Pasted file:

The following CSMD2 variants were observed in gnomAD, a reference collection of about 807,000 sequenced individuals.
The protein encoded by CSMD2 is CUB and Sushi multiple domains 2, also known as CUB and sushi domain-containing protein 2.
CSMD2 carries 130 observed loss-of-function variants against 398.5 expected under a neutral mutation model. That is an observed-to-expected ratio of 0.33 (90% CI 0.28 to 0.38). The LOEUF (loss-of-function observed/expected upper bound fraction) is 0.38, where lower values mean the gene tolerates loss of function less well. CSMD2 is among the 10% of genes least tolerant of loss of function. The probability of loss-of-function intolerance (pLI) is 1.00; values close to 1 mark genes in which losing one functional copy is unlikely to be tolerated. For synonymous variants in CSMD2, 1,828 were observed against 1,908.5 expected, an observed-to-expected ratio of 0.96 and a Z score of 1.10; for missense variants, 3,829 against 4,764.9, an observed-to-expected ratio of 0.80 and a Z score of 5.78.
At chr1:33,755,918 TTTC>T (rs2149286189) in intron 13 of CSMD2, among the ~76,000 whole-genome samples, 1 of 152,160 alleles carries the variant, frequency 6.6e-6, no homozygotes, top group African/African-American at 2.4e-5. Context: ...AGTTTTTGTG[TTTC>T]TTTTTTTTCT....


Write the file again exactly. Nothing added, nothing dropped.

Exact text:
The following CSMD2 variants were observed in gnomAD, a reference collection of about 807,000 sequenced individuals.
The protein encoded by CSMD2 is CUB and Sushi multiple domains 2, also known as CUB and sushi domain-containing protein 2.
CSMD2 carries 130 observed loss-of-function variants against 398.5 expected under a neutral mutation model. That is an observed-to-expected ratio of 0.33 (90% CI 0.28 to 0.38). The LOEUF (loss-of-function observed/expected upper bound fraction) is 0.38, where lower values mean the gene tolerates loss of function less well. CSMD2 is among the 10% of genes least tolerant of loss of function. The probability of loss-of-function intolerance (pLI) is 1.00; values close to 1 mark genes in which losing one functional copy is unlikely to be tolerated. For synonymous variants in CSMD2, 1,828 were observed against 1,908.5 expected, an observed-to-expected ratio of 0.96 and a Z score of 1.10; for missense variants, 3,829 against 4,764.9, an observed-to-expected ratio of 0.80 and a Z score of 5.78.
At chr1:33,755,918 TTTC>T (rs2149286189) in intron 13 of CSMD2, among the ~76,000 whole-genome samples, 1 of 152,160 alleles carries the variant, frequency 6.6e-6, no homozygotes, top group African/African-American at 2.4e-5. Context: ...AGTTTTTGTG[TTTC>T]TTTTTTTTCT....